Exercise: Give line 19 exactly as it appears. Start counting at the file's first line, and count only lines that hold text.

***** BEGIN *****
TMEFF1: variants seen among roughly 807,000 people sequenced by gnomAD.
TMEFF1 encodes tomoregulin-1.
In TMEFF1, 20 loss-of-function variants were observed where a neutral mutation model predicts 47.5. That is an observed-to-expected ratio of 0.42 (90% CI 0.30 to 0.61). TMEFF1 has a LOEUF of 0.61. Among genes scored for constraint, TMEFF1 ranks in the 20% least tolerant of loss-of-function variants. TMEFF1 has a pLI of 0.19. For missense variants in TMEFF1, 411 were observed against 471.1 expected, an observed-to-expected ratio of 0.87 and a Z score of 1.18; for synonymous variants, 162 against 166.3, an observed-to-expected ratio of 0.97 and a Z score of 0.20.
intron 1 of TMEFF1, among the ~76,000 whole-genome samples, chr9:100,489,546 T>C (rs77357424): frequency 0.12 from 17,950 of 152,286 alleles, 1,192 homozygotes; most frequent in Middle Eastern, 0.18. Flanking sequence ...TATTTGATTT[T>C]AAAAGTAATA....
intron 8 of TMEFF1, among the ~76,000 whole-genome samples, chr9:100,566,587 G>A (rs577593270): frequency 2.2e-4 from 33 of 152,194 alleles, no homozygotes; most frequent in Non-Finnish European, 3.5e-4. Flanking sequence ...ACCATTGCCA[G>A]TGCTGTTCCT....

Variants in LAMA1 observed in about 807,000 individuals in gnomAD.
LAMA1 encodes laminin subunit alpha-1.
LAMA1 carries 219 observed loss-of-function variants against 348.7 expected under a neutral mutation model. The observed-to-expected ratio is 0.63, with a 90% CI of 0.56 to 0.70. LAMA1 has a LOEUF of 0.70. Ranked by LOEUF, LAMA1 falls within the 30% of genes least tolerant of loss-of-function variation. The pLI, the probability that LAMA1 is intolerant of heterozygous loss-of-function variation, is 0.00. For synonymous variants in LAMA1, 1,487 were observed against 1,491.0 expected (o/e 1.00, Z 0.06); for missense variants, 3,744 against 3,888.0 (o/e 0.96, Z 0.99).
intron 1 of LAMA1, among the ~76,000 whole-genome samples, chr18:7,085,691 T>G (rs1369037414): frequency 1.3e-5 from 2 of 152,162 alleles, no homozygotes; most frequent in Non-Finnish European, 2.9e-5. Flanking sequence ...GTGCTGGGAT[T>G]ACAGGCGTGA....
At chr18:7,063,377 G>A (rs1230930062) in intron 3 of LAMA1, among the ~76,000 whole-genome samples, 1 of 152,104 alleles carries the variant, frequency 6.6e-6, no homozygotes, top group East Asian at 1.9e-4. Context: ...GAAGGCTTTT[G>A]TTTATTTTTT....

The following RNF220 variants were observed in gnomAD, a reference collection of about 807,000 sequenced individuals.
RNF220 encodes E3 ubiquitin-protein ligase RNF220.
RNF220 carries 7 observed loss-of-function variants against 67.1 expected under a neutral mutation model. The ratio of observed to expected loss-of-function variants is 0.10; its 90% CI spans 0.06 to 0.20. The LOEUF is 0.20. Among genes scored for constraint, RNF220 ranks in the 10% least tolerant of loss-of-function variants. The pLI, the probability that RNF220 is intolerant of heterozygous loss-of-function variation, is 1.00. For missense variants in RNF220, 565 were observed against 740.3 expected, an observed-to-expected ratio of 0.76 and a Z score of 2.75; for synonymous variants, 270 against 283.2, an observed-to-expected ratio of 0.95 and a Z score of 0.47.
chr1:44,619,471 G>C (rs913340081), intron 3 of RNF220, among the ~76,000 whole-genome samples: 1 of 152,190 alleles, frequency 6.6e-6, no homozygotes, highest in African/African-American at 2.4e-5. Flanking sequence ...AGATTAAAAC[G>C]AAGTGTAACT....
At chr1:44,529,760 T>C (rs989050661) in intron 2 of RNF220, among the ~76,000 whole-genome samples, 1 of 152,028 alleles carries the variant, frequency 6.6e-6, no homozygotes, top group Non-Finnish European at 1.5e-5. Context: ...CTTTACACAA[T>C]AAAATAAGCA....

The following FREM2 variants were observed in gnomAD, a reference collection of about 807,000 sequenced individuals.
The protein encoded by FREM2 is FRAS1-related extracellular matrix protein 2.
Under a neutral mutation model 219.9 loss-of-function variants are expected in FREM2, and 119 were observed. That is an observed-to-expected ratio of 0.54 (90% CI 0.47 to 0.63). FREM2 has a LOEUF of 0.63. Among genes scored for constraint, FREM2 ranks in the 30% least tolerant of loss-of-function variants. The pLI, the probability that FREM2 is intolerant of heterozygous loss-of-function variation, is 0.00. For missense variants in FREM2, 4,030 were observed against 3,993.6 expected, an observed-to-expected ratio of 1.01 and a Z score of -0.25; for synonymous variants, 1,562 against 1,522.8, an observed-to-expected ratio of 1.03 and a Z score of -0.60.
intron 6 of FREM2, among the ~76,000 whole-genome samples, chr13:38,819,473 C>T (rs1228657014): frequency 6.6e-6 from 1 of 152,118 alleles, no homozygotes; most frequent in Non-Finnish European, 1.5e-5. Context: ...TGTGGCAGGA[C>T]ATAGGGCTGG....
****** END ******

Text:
intron 6 of FREM2, among the ~76,000 whole-genome samples, chr13:38,819,473 C>T (rs1228657014): frequency 6.6e-6 from 1 of 152,118 alleles, no homozygotes; most frequent in Non-Finnish European, 1.5e-5. Context: ...TGTGGCAGGA[C>T]ATAGGGCTGG....